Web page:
By 1951 he was the Cardinals regular shortstop and hit .281 with 75 walks, good enough for a .395 on base percentage. He was also a contact hitter that didn’t strike out too often. He had a knack for getting on base; he would lead the league in hit by pitches three different seasons (1952-1953-1958).

Hemus also posted good on base percentages drawing a large number of walks. On the field he was seond in the league with a .965 fielding % at short committing 19 errors (5th in the NL).

In 1952 he was 4th in the league with 96 walks posting a .392 on base %. That season he led the league in runs scored (105) hit 15 HRs with 28 doubles & 8 triples, batting .268. At short he posted a .960 fielding % with 452 assists turning a career best 104 double plays.

In 1953 he had an even better season, as he hit 14 HRs, with career highs in RBIs (61) doubles (32) runs scored (110) (fifth most in the NL) he also had 12 hits by pitches, while batting .279. In 1954 he played in 124 games but only got 214 at bats, hitting a career best .304, with a .454 on base percentage.

He began to wind down in 1956 and before getting traded to the Philadelphia Phillies, he wrote a letter to Cards owner August Busch, the famous beer magnate. He thanked Mr. Busch for his good years in St. Louis & said he was proud to have been a Cardinal. He played two seasons in Philadelphia hitting .284 in 1958, playing in 105 games for the Phillies.

Mr. Bush remembered Hemus’ tough style of play & recalled the letter he wrote as he left the organization. In 1959 he hired Hemus as a Cardinals player/ manager. After the team had finished in seventh place in 1959, he improved the them to a third place finish in 1960.

In 1961 his Cards lost 16 of their first 19 games, and were floundering in last place in July when he was replaced as manager by coach, Johnny Keane.

In Hemus’ eleven season playing career he hit .273 with 736 hits 137 doubles 41 triples 51 HRs 261 RBIs & a .390 on base percentage, playing in 961 games. Over 11 seasons & 2694 at bats he only struck out 247 times, got hit by 62 pitches & posted a .961 fielding percentage.

In 1962 Hemus was hired by the expansion New York Mets as a coach under Casey Stengel. He served as a Met coach for the teams first two seasons at the Polo Grounds, before leaving to coach at the Cleveland Indians.

The Mets hired him back in 1966 to manage their Jacksonville Suns farm team, where he led a young Bud Harrelson, Ken Boswelll & Tug McGraw among others to a 68-79 record.

He had the tough choice of promoting either Tom Seaver or Nolan Ryan to the next level. He chose Seaver, because he felt he was further along in his development and a smarter pitcher.

After baseball he went to Houston & worked in the oil business, making more money in one year than he did in his whole baseball career. He has since retired in Texas and said he was proud to have been an original Met.

"The A.L. New York Club Killer"- One Time Mets Pitcher: Frank Lary (1964)

Frank Strong Lary was born on April 10th, 1930 in Northport Alabama. The five foot eleven right hander attended the University of Alabama playing for the Crimson Tide as one of over sixty Tide players to make the major leagues.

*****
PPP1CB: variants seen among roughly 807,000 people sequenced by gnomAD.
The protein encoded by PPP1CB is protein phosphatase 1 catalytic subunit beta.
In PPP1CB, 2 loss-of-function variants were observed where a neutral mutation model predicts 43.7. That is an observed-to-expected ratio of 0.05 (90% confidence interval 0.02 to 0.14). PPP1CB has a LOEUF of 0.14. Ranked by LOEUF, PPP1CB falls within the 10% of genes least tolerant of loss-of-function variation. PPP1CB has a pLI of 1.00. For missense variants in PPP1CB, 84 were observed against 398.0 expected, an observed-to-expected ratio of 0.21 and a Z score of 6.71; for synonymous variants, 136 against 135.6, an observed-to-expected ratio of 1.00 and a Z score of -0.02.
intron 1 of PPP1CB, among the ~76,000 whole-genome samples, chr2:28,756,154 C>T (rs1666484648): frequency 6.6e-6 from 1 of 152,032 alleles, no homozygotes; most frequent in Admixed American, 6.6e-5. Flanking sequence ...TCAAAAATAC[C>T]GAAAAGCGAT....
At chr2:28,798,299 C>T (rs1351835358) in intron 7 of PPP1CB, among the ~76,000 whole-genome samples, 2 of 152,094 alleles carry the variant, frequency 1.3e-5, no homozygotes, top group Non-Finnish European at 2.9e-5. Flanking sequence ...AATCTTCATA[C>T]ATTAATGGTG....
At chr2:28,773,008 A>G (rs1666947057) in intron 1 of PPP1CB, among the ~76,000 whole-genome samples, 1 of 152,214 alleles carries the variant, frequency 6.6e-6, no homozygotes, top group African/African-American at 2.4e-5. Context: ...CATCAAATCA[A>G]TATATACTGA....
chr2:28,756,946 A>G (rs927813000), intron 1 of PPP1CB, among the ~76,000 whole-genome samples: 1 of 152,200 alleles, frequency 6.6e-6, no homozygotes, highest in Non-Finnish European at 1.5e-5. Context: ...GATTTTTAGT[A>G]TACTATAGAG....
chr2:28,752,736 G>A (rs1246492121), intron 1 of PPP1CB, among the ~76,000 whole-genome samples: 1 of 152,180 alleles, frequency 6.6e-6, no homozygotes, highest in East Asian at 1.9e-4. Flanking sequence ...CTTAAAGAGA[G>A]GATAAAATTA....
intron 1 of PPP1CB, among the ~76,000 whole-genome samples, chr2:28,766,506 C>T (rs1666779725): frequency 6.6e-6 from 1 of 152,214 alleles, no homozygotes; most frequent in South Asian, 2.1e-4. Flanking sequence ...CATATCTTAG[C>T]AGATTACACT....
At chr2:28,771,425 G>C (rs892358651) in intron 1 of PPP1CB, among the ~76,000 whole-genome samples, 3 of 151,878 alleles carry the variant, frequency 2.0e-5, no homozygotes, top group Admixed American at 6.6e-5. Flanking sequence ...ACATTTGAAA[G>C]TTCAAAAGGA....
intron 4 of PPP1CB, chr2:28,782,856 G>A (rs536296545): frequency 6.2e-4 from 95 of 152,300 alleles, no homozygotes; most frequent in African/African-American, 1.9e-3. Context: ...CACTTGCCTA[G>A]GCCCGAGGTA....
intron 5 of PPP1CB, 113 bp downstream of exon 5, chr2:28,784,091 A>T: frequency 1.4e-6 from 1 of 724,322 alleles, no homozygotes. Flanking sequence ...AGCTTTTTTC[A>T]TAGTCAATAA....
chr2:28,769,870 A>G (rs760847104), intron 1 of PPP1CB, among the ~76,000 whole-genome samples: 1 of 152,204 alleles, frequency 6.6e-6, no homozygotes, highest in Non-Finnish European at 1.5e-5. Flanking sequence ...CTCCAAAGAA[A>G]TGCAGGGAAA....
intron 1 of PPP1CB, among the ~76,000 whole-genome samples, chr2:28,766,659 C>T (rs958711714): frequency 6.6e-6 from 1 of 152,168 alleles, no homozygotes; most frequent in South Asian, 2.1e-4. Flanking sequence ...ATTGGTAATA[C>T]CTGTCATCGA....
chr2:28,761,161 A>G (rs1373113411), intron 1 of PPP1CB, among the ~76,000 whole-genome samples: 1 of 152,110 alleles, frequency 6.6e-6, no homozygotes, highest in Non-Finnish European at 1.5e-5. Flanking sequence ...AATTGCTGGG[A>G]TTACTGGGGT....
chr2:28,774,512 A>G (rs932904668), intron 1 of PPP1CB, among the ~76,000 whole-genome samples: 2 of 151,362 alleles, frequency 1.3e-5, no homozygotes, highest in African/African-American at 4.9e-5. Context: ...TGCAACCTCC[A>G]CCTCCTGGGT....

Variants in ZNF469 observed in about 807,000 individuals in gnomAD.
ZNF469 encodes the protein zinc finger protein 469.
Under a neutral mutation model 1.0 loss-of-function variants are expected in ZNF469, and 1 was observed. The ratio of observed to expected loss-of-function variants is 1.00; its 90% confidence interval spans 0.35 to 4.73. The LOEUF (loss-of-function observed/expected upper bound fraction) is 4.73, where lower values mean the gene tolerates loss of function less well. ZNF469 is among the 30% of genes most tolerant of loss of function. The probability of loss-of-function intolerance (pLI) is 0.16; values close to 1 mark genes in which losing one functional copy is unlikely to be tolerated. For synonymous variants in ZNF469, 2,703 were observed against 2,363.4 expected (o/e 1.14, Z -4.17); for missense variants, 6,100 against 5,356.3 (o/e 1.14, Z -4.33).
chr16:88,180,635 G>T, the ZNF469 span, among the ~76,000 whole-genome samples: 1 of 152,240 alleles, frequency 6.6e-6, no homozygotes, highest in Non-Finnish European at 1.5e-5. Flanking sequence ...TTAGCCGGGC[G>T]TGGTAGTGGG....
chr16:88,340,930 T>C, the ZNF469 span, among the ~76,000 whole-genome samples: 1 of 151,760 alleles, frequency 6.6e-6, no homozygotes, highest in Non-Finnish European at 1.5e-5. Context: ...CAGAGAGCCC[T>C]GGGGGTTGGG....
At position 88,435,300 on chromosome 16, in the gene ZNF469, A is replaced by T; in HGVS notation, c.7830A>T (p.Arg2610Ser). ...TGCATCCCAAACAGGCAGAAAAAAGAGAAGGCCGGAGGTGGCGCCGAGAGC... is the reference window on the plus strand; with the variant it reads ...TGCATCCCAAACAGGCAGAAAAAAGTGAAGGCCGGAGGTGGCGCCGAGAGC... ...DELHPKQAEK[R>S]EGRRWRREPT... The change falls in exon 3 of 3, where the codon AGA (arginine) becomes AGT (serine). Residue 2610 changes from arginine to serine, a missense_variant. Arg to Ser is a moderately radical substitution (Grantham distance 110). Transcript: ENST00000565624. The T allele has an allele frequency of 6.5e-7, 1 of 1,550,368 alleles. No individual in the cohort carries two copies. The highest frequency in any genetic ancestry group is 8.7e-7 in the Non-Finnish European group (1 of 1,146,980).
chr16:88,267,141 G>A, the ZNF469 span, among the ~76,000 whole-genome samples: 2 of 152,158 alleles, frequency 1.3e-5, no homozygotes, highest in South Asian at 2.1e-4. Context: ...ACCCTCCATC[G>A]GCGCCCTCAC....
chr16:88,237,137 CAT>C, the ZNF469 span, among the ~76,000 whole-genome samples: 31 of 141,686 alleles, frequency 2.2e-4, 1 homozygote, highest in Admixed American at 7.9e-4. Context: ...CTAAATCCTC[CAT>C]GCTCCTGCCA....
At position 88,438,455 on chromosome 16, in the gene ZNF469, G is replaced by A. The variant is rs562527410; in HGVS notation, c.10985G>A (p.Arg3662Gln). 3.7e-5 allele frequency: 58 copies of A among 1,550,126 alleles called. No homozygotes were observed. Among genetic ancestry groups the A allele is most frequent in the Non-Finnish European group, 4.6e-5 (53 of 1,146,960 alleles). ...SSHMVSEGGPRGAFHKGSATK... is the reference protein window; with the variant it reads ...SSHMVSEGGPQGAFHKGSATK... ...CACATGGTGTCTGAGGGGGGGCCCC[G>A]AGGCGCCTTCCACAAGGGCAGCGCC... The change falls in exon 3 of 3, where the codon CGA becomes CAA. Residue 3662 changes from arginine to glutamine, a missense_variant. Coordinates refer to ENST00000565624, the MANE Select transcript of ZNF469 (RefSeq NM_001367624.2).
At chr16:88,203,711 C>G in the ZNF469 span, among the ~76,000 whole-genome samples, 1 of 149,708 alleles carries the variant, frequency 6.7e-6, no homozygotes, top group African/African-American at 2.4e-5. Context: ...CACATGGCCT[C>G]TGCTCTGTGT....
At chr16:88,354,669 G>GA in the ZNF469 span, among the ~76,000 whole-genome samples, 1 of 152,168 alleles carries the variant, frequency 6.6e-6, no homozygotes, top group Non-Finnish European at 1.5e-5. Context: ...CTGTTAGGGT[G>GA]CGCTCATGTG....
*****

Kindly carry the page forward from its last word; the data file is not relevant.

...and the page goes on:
He was 10-1 in 1950 winning two games of the College World Series. He debuted in September 1954 at Tiger Stadium, closing out a loss to the AL New York club. He would have a great career against the AL New York club going 27-10 from 1955-1961 earning the nickname "the AL New York Teams Killer".

In 1958 he went 7-1 against the AL New York team, becoming the first pitcher since Ed Cicotte to do it back in 1919 for the Chicago White Sox. In 1959 he was 5-1 against the AL New York team, once forcing manager Casey Stengel to push back Whitey Ford, by one day so Ford wouldn't have to face Lary. Stengel told reporters, "If Lary is going to beat us anyway, why should I waste my best pitcher?"

To best describe Lary, here is a write up from a 1961 addition of the Sporting News. "Frank Lary is a classic kind of ballplayer—the type, alas, you don't see much of these days. He is a throwback to the Cardinals of the 30's, a cotton pickin', gee-tar strummin', red clay Alabama farm boy, unspoiled by a little college or a lot of success.

He is mean on the mound and a joker off it. To strangers he is quiet, but to the Tigers he is the Jonathan Winters of the dugout, keeping them loose and laughing. Sometimes he is a Casey Stengel, his legs bowed, his pants rolled above his knees. Then he is the trainer, complete in white shirt, white trousers and with a Turkish towel wrapped around his head."

Lary also had two other famous nick names he earned in his career. The nickname "mule" was due to his work horse pitching & ability to throw countless innings. He was also dubbed "Taters" when a team mate noticed he wrote down taters instead of potatoes on a dinner order on team road trip.

Lary was one of the most popular Tiger players in the fifties as well as one of the team's best pitchers. He served in the military for the 1951-1052 seasons returning to Detroit to go 11-15 in 1955.

In 1956 he had an incredible year going 17-3 by the 4th of July. Overall he went on to lead the American League in wins going 21-12 for a fifth place Tiger team that won just 82 games. Lary also led the league in starts (38) innings (294) his (289) & hit by pitches (12).

He would hit a dozen batters leading the league in that category three straight seasons. That year he struck out 165 batters posted a 3.15 ERA while coming in 17th place for the MVP Award.

After an 11-16 season in 1957, he rebounded to winning 15 or more games over the next three seasons, posting winning record in two of them.